Paul referred to this gathering as “the mystery foretold long ago, that Gentiles would one day become fellow heirs, alongside the Jews, and partakers of God’s promise” (Eph. 3:3-6, paraphrase; see also Isa. 55:5 and 65:1-2). The mystery was not that it would happen, but how God would accomplish it. After all, Gentiles were once “alienated from the commonwealth of Israel and strangers from the covenants of promise, having no hope and without God in the world. But now in Christ Jesus you [Gentiles] who once were far off have been brought near by the blood of Christ” (Eph. 2:12-13).

Although this gathering had begun in part even prior to the second coming, the ultimate fulfillment would not happen until the second coming, as Jesus and Paul both said in the passages above—which would happen within the lifetimes of their audiences!

The Jewish Temple Embodied Division

Here’s a fascinating point related to this division between Jews and Gentiles. The temple that was standing in Jesus’ day—which was destroyed in AD 70—embodied this sort of division. For example, while Gentiles were permitted inside the temple, they could not enter the Jewish-only sections, under penalty of death. There was another section into which only men could go; women were not allowed. There was another section into which only priests could enter; ordinary congregants could not enter. There was even a division between ordinary priests and the High Priest; only the High Priest could enter into the Holy of Holies, and that only once a year. The Old Covenant temple embodied division.

But the New Covenant temple that replaced this (Old Covenant) temple symbolizes unity in Christ. In the New Covenant temple, which is a spiritual temple (1 Pet. 2:5), there are no such divisions: “There is neither Jew nor Greek, there is neither slave nor free, there is neither male nor female; for you are all one in Christ Jesus” (Gal. 3:28; see also 1 Cor. 12:12-14 and Col. 3:11). In the New Covenant temple, the congregants are all priests (1 Pet. 2:5). In fact, Christians can even boldly enter the Holy of Holies (Heb. 10:19), which only the High Priest could do in the Old Covenant temple!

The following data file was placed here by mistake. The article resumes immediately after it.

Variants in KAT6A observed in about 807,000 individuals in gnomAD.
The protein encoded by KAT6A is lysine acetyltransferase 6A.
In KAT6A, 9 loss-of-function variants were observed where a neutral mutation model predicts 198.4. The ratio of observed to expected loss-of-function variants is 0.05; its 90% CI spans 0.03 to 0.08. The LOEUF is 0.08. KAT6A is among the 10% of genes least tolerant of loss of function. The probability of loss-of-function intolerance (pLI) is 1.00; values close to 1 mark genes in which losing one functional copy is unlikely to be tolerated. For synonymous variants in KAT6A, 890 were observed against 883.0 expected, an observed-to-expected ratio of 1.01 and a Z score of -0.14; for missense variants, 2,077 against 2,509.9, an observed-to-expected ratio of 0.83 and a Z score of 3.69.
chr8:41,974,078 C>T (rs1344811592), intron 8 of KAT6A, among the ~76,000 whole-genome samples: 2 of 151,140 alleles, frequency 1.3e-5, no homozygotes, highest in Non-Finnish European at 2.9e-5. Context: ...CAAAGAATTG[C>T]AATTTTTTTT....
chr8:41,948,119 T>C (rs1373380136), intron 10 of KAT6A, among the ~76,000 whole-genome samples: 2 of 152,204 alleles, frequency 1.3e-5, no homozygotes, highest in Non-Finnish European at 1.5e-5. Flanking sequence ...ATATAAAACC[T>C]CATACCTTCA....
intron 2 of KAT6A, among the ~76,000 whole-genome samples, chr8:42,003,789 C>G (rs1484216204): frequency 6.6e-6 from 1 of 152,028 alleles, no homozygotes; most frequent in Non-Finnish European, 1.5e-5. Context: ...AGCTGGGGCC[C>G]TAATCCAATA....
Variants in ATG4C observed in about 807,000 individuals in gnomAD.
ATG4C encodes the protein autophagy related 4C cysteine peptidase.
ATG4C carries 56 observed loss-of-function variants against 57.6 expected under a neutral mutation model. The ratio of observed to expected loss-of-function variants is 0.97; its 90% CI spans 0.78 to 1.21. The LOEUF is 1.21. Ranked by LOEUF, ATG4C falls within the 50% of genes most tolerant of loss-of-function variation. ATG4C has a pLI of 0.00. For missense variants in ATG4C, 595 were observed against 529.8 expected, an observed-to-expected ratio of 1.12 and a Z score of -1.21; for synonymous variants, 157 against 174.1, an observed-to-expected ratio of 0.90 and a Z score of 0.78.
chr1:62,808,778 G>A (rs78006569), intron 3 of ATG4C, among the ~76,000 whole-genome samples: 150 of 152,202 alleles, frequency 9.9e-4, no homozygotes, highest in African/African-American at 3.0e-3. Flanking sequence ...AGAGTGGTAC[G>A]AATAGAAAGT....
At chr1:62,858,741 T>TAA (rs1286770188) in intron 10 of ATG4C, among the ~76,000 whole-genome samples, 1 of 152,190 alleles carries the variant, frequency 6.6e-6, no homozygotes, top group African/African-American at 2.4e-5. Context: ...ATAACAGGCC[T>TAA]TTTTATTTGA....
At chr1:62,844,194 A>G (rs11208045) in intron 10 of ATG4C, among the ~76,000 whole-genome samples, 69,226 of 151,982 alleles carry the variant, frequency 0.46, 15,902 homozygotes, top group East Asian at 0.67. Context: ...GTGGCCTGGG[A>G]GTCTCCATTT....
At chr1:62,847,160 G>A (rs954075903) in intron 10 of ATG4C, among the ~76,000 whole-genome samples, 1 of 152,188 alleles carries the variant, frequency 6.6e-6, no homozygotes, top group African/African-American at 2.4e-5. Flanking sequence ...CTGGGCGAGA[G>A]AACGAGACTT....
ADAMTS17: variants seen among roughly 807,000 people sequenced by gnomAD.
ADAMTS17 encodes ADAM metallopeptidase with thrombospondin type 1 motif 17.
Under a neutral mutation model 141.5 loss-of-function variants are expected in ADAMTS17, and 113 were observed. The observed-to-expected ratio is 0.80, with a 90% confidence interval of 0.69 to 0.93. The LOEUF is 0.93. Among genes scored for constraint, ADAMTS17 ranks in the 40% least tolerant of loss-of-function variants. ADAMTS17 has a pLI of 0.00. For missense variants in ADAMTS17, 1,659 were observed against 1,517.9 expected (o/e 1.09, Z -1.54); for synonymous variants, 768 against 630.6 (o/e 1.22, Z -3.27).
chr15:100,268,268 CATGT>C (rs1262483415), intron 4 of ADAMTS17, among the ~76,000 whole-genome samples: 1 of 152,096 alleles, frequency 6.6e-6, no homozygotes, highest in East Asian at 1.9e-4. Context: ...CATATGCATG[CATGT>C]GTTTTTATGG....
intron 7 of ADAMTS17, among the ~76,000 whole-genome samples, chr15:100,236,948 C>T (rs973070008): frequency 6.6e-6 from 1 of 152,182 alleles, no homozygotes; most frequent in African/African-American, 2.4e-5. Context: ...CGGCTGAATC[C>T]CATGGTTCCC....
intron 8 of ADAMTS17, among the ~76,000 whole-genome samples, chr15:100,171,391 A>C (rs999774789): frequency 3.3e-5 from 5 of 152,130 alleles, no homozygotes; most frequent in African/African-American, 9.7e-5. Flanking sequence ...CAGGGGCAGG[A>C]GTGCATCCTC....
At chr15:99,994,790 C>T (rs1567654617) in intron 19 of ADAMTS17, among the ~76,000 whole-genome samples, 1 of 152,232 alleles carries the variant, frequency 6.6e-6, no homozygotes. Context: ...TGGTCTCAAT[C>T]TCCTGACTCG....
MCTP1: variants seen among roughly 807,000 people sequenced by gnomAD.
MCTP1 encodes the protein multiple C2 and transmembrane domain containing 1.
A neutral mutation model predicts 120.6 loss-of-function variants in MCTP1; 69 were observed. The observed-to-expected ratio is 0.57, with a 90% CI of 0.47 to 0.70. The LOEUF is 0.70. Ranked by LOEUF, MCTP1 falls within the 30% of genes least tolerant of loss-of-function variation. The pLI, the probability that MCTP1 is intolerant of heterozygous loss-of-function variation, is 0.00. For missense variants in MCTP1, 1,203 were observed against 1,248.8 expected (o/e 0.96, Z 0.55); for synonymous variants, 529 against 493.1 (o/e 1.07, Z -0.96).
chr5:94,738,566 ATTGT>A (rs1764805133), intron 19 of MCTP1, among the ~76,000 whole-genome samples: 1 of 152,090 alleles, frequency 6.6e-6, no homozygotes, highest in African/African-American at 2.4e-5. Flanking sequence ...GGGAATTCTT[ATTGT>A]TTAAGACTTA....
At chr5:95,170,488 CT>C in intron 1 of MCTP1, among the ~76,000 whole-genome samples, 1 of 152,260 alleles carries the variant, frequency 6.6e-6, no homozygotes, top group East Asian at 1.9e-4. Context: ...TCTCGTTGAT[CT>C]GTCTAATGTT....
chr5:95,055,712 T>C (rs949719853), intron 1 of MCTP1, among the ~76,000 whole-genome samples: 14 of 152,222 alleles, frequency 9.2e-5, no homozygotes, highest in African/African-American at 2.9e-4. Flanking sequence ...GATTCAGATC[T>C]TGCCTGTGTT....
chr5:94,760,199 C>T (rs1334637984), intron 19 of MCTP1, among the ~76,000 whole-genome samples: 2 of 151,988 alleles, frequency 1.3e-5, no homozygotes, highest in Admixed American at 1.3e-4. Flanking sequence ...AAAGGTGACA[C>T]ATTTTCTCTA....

This is the temple Jesus “went away to prepare” at his ascension in AD 33 (John 14:2-3). In AD 60, Peter said this New Covenant temple was still “being built” (1 Pet. 2:5). By AD 65, John expected it soon: “Then I, John, saw the holy city, New Jerusalem, coming down out of heaven from God, prepared as a bride adorned for her husband. And I heard a loud voice from heaven saying, ‘Behold, the tabernacle of God is with men, and He will dwell with them, and they shall be His people’” (Rev. 21:2-3, italics mine). Revelation goes on to say this prophecy “must shortly take place…for the time is at hand” (Rev. 22:6, 10). Note: Revelation was written in approximately AD 65[1], so the AD 70 timing fits perfectly.

The New Covenant temple arrived in its fullness in AD 70, when the Old Covenant temple was destroyed. This is when the Old Covenant divisions officially ended, and when Jews and Gentiles were officially gathered together into one new body, the church.

For more information about the topics discussed above, see my book The End Is Here, available summer 2024.

Alex Polyak, The Bible Fulfilled 11/10/23

[1] For more about the dating of Revelation, see my book The End Is Here, available summer 2024.